Often the simple solutions are the most effective. In the case of Brian Harriman (pictured left) who suffers from depression and alcohol addiction, that speaks the truth.
Damien Kennedy (pictured right) from the Griffith Aboriginal Medical Service realised that a big problem for people with addictions was they often found themselves bored and with nothing to do, so they would turn to their vices.
He came up with the idea for addicts to fill that free time by creating things out of paddle pop sticks, and Mr Harriman couldn’t be more thankful that he did.
“I used to drink a lot and that was through depression,” he said.
“This idea has slowed down my depression a hell of a lot and because of that I don’t drink.”
His free time is now spent with a glue-stick in hand rather than a stubby.
“Instead of sitting at home and getting depressed, wanting to go get beer and just sit and do nothing I sit down and make stuff out of paddle pop sticks,” he said. “It took me two-and-a-half hours just to figure out how to make a wheel.
“That’s time that I’m not thinking about my depression or going somewhere to get a beer.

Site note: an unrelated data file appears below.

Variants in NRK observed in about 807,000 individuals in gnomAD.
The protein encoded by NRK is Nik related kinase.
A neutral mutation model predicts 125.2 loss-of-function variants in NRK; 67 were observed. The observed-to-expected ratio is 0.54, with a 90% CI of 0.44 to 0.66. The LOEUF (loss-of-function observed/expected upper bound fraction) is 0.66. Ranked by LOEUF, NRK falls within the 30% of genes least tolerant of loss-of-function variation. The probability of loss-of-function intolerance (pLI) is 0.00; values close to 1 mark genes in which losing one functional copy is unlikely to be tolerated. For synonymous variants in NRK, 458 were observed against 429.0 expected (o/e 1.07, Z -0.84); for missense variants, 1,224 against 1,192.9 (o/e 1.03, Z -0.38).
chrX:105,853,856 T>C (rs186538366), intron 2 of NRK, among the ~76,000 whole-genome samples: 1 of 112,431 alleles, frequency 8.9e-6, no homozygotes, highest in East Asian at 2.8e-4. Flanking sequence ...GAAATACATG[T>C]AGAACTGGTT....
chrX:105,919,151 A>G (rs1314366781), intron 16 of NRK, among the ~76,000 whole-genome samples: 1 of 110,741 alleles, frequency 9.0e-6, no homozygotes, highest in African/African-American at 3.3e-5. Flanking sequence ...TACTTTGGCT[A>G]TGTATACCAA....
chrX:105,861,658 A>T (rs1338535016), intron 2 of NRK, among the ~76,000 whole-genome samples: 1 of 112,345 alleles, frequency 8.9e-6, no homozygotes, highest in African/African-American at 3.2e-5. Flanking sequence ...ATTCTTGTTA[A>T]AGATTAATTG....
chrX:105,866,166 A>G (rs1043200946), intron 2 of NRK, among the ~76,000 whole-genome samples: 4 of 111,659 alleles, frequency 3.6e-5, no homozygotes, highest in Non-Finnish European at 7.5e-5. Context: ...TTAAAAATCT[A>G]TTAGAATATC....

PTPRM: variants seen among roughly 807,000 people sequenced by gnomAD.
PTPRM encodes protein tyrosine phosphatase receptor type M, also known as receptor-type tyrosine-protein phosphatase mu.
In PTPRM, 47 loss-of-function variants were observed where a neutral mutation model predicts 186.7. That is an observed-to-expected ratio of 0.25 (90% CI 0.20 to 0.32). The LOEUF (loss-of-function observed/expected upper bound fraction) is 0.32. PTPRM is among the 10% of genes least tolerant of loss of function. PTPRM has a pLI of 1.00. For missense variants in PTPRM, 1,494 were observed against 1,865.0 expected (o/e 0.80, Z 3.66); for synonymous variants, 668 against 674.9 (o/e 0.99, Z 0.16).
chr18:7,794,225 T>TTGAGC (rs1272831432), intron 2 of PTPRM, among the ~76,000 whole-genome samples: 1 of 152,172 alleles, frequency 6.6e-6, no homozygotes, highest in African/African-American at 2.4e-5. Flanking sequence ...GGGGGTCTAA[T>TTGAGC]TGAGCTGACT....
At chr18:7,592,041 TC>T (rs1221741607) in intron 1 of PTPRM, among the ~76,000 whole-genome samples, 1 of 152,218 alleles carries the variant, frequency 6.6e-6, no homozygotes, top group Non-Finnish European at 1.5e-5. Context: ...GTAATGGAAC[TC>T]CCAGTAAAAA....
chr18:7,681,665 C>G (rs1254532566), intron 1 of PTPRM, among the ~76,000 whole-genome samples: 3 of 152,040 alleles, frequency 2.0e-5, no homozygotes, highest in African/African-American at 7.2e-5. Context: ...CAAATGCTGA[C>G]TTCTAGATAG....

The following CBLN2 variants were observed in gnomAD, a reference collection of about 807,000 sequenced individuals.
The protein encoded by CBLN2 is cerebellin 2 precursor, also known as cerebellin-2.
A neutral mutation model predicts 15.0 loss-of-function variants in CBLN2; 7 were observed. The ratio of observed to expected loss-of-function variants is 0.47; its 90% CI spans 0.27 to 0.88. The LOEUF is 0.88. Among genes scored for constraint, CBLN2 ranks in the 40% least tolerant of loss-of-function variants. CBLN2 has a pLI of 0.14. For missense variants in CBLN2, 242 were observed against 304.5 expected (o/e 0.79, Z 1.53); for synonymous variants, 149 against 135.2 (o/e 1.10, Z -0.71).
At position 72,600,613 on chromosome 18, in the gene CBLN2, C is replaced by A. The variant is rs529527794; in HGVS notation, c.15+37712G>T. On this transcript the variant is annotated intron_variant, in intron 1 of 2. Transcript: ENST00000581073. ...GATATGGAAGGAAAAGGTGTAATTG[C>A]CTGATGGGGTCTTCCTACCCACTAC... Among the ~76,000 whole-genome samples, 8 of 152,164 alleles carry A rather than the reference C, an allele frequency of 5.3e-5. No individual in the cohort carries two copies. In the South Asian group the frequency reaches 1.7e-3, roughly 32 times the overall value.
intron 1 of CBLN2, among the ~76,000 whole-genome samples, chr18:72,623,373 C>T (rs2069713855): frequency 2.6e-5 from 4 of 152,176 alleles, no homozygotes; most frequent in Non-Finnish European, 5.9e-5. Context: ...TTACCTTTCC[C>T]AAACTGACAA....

“I just think it’s great because it gives me something to do.”
The pair met during a a SMART recovery session at the Griffith Neighbourhood House in which Mr Kennedy facilitated the meeting.
From there he sought funding from the Griffith AMS and now wants to continue to grow and develop his idea, so as to help as many people as possible. “It’s a matter of getting the funding to keep these projects going so we can continue to help people,” he said.
“Hopefully it will be an ongoing thing now because the AMS like it and everyone else seems to as well.
“If there are people out there who are struggling with addiction, no matter what form, we’d like them to come down to Griffith AMS.
“Everything is private and confidential.
“A lot of people just don’t want to go there, don’t want to make that effort or don’t know what’s there, but we have programs in place that can help people.”
You can reach Griffith Aboriginal Medical Service on 02 6962 0000, or after hours on 02 6969 5555